PbS based quantum dots (QDs) have been studied in great detail for potential applications in electroluminescent devices operating at wavelengths important for telecommunications (1.3–1.6 μm). Despite the recent advances in field of quantum dot light-emitting diode (QLED), further improvements in near-infrared (NIR) emitting device performance are still necessary for the widespread use and commercialization of NIR emitting QLED technology. Here, we report a high-performance 1.51-μm emitting QLED with inverted organic–inorganic hybrid device architecture and PbS/CdS core-shell structured quantum dots as emitter. The resultant QLEDs show a record device performance for the QLEDs in 1.5 μm emission window, with a maximum radiance of 6.04 Wsr−1 m−2 and peak external quantum efficiency (EQE) of 4.12%, respectively.
Quantum dots (QDs) based light-emitting diodes (QLEDs) have attracted increasing interest due to their narrow emission linewidth, tunable emission spectral window as well as facile solution-processibility1,2,3,4. QLED has undergone rapid developments both in quantum dot synthesis and device structure optimization since its invention in 19945. Nowadays, QLEDs are emerging as an undeniable competitor to organic light emitting diodes (OLEDs) for lighting and display applications. Despite the huge progress of QLEDs emitting at visible emission range, the development of near-infrared (NIR) emitting QLEDs used in telecommunications is still very slow. Infrared light with a wavelength around 1.3 μm or 1.5 μm, the best emission wavelength choices for standard silica optical fibres because of the low loss transmission response of crystalline silicon at this wavelength range, is an indispensable element of any modern telecommunication network. The extension of OLEDs into NIR spectral range is difficult because organic molecules usually emit light at wavelengths (λ) shorter than 1 μm6,7,8,9,10. In contrast, the emission spectrum of quantum dots can be easily adjusted from the visible to NIR range only by simply changing composition and size of quantum dots, which can perfectly matches well with the “transparency window” of silica optical fibre.
Narrow band-gap lead sulfide (PbS) based nanocrystals have been widely studied in the past few years for applications in NIR emitting LEDs operating at wavelengths vital for telecommunications11,12,13,14. For example, Supran et al. reported short-wavelength NIR QLEDs with λ > 1 μm using core-shell structured PbS/CdS QDs15. However, previous efforts at developing NIR emitting QLEDs have demonstrated only limited success due to the low emission efficiency and insulating surface ligands of QDs as well as the poor carrier mobility of organic charge transport materials. Recently, Sargent et al.16 made a breakthrough in the NIR emitting LEDs using PbS QDs as emissive layer. They improved the radiative exciton recombination within the QD layer by embedding QDs in a high-mobility hybrid perovskite matrix to prevent transport-assisted trapping losses. The resultant NIR emitting QLEDs exhibit a two-fold increase in external quantum efficiency (EQE) compared with previous devices. Nevertheless, the highest reported electroluminescence (EL) performance to date has fallen short of those possible with mature technologies for QLEDs emitting at visible emission wavelengths. Meanwhile, the quantum yields of PbS based QDs with short-wavelength emission are generally much lower than those of the QDs with long-wavelength emission because of the emission quenching caused by localized trap states with the particle size increase, which causes the poor performance for NIR QLEDs with long-wavelength emission.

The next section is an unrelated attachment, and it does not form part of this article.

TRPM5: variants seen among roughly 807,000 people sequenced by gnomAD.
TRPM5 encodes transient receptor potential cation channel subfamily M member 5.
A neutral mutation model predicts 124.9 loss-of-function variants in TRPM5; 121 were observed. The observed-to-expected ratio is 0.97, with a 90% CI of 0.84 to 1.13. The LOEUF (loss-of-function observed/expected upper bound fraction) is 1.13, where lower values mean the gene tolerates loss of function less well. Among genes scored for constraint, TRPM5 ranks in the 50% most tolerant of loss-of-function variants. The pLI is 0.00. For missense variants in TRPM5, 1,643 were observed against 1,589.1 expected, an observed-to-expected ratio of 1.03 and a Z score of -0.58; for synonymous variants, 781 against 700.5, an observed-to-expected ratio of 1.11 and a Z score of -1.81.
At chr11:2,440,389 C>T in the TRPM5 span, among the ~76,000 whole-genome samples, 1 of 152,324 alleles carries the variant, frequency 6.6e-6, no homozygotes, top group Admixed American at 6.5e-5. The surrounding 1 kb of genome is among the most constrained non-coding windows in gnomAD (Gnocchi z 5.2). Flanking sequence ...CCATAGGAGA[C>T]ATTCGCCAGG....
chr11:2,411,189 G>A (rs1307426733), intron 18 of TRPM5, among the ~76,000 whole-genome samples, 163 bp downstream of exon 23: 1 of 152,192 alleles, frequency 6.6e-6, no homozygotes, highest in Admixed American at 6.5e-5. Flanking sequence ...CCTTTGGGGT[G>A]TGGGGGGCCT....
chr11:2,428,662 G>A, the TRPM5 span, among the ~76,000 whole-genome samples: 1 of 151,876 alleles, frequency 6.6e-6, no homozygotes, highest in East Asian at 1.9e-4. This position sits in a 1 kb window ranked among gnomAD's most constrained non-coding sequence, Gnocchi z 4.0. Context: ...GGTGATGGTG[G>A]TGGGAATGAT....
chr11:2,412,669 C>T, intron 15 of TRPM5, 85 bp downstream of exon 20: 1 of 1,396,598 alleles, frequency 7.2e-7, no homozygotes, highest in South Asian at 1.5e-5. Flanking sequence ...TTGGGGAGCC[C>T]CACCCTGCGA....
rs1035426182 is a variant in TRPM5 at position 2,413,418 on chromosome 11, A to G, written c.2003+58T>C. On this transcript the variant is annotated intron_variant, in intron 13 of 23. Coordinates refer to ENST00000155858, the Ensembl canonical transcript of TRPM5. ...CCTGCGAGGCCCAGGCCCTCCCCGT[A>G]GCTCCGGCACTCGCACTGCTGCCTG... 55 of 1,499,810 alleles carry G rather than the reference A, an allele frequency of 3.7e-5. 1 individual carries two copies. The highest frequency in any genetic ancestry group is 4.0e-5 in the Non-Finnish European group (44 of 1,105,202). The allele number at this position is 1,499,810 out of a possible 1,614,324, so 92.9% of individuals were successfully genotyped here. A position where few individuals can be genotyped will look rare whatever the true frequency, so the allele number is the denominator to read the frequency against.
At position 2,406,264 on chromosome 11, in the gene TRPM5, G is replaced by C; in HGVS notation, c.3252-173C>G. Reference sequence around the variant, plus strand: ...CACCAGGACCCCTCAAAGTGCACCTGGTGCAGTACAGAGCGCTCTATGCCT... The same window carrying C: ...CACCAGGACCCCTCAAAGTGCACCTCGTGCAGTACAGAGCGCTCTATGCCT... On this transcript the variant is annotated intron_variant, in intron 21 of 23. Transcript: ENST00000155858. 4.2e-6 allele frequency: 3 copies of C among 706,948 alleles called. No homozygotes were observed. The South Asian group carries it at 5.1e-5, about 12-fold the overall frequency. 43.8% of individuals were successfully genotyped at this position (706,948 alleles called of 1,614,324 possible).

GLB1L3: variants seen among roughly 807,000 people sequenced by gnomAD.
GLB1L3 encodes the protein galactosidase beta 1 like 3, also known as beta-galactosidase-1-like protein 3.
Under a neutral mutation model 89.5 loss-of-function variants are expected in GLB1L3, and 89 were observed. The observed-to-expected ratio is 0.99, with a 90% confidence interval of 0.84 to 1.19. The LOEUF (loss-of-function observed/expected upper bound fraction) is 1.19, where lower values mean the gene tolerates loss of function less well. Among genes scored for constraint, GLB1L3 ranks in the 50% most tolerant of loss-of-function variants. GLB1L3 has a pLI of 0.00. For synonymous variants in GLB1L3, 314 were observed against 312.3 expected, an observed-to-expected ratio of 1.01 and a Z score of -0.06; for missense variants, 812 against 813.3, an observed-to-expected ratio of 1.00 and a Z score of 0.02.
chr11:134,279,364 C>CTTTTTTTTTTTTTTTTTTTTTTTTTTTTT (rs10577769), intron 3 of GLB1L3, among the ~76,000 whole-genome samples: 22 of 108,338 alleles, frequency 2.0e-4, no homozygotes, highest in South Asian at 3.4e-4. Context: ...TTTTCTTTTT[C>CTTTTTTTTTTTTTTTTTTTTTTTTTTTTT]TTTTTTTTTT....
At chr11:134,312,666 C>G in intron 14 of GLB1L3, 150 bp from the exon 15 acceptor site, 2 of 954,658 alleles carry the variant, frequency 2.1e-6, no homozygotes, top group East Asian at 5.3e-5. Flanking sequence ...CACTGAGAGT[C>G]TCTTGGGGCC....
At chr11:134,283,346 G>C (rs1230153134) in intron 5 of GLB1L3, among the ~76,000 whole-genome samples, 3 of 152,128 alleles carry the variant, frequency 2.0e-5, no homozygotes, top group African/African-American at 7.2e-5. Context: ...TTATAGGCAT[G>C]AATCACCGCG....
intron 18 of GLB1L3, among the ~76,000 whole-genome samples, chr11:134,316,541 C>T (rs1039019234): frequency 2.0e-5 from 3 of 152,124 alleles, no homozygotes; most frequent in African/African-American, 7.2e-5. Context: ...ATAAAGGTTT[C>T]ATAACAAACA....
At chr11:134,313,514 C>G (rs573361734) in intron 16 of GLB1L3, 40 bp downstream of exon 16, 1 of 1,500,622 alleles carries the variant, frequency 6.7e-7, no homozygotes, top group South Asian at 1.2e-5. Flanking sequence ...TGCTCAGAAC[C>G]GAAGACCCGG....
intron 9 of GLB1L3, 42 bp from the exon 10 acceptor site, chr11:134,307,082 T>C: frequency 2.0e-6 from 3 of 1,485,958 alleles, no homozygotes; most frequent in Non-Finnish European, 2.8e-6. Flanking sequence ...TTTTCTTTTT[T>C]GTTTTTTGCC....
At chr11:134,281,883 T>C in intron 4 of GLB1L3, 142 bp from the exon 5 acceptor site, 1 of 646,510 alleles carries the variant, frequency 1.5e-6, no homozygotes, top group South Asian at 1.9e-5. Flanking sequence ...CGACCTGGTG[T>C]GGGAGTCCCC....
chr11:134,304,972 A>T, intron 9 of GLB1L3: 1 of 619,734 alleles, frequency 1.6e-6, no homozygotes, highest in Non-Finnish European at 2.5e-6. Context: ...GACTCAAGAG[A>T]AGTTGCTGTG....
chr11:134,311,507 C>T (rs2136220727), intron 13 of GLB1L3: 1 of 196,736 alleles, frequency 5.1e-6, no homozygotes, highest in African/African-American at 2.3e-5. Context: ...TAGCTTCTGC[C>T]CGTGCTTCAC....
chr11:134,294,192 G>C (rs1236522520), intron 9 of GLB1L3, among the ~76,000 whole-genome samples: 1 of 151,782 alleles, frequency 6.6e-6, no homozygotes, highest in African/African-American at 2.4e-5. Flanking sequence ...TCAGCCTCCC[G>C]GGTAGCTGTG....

The high performance of QLEDs can be attributed to the concomitant excitation of the luminescent QD film via Förster energy transfer and direct charge injection. The efficiency of moving charges to QDs is strongly dependent on the QD environment. The surface of QDs prepared by traditional colloidal techniques is capped with an insulating layer of organic ligands with long hydrocarbon tails. Here, we report a best-performance 1.51 μm-emitting QLED by employing iodide passivated PbS/CdS core-shell nanocrystals as emissive layer. The charge injection into QD emissive layer is dramatically improved with the use of iodide passivated QDs. Such NIR emitting QLEDs demonstrate the maximum radiance and efficiency of 6.04 Wsr−1 m−2 and 4.12%, respectively. These results demonstrate a new route towards high-performance NIR emitting QLEDs for telecommunication applications.